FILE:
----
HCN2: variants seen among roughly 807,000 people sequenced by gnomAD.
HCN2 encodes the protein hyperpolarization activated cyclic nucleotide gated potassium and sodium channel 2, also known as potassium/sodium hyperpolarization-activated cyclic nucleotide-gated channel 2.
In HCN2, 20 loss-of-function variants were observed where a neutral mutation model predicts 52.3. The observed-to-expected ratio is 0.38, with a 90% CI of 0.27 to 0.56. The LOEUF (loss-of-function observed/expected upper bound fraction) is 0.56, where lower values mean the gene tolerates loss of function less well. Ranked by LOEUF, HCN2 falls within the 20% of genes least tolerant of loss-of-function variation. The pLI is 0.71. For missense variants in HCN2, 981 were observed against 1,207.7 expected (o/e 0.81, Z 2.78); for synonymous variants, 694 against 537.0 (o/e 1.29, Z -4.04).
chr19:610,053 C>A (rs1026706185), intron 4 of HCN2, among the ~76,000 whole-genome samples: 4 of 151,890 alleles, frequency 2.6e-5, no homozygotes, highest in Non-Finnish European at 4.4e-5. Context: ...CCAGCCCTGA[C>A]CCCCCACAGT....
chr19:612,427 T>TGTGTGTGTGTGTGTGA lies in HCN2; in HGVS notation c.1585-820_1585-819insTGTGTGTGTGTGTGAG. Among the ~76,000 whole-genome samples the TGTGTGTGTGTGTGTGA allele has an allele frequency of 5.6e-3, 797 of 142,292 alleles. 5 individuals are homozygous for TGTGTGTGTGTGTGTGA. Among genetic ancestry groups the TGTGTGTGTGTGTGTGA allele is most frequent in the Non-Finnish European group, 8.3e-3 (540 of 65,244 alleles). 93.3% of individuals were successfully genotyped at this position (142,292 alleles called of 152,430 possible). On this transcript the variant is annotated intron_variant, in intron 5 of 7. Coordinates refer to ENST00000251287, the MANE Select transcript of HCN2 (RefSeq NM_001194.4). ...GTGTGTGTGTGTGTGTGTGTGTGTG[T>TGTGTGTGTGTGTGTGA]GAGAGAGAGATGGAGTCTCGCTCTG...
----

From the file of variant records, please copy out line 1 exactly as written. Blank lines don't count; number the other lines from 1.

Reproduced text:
HCN2: variants seen among roughly 807,000 people sequenced by gnomAD.